The output pins produce a PWM or GPIO signal that is used to move the different servos of the platform.
The acronym PWM corresponds to Pulse Width Modulation. The autopilot sends a pulse with a certain width that is received by the servo, and according to the width of such pulse, the servo moves to a position or another. A wide pulse will correspond to a big movement and a narrow one to a small movement.
The Min and Max parameters are the pulse width values that will make the servo go to its lowest and highest position. As an example let’s consider the servo of an aircraft elevator, a pulse send by Veronte of 0.9 ms will correspond with the lowest point of the servo range (-30 degrees for example). On the other hand, a pulse of 2.1 ms will make the servo go to its top position (for example 30 degrees).
The option duty cycle is a different way of indicating the pulse width. Now the value indicated is a percentage which corresponds to the relation between the pulse width over the total period of the sent signal. So a 100% duty cycle will correspond to a signal with a constant value of 1, while a 0% duty cycle implies a constant signal with value 0. Between this two extremes the pulse width can vary as in the examples shown in the following figure.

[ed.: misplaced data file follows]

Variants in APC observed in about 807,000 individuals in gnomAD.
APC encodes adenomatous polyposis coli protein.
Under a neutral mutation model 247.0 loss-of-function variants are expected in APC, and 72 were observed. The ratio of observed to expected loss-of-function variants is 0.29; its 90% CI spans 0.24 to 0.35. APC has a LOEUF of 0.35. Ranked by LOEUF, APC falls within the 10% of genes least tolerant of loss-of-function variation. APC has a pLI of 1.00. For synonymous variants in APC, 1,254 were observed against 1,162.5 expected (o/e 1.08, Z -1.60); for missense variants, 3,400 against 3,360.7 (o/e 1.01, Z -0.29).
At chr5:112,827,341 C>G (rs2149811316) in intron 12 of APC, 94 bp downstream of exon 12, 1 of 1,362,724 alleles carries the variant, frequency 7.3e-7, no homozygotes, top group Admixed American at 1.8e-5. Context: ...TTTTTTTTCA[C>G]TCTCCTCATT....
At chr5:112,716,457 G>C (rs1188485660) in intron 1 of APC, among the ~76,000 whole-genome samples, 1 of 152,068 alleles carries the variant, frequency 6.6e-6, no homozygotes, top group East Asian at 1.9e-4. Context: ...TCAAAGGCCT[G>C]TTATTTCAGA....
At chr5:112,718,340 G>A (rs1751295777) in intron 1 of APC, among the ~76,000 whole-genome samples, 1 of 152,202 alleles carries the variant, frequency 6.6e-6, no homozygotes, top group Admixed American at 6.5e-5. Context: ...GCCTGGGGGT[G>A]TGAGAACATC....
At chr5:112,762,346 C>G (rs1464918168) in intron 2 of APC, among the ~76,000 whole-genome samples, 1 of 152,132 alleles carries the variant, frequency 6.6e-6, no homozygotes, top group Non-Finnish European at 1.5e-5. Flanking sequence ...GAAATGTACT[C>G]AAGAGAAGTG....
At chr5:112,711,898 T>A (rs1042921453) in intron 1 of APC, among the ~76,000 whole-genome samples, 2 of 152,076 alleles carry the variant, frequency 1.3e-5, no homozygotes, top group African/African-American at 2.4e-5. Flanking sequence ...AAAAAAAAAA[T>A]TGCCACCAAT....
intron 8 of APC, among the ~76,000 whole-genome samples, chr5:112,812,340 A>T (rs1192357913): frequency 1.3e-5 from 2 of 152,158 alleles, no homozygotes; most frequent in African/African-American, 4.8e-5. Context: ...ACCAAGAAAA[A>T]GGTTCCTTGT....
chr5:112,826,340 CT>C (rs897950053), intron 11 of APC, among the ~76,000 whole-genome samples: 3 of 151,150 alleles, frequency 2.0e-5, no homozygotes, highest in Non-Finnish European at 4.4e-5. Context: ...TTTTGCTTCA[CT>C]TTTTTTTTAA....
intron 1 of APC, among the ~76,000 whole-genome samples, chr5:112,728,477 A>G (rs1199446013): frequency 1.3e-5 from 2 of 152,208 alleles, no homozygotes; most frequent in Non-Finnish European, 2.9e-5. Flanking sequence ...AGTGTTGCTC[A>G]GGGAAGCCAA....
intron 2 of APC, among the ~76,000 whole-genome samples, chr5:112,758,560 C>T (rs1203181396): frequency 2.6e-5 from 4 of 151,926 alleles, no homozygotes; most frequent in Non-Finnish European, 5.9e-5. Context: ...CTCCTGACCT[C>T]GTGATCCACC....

The option “Servo” is used to select which servo of the platform will be wired to that pin of Veronte connector, so the signal sent through that pin will go to it.
The option “Frequency” determines the period of the pulses send by the autopilot. The PWM are built in pairs inside the autopilot, and that is why the frequency is indicated in pairs, i.e when the frequency of PWM 1 is changed, the one of PWM 7 also changes. The following table shows the PMW pairs as configured in Veronte autopilot.
|PWM 1||PWM 7|
|PWM 2||PWM 8|
|PWM 3||PWM 9|
|PWM 4||PWM 10|
|PWM 5||PWM 11|
|PWM 6||PWM 12|
A GPIO (General Purpose Input/Output) is a generic pin that can be configured as an input or output pin.When this option is selected on an output pin, the value sent is different as in the case of a PWM. Now, the pin admits 4 different states: ON (a continuous signal of value 1), OFF (a continuous signal of value 0), PULSE ON (a single pulse of value 1, with a width specified in seconds) and PULSE OFF (a single pulse of value 0, with a width specified in seconds). The configuration of the pin output value is done with an action “Output” in the automations section (visit 6.6).
To sum up, a PWM is a signal which consists of a series of pulses having a width determined by a percentage over a range specified by the parameters “Min” and “Max”. On the other hand, the GPIO is a signal with a constant value (1,0) or with a single pulse (1,0).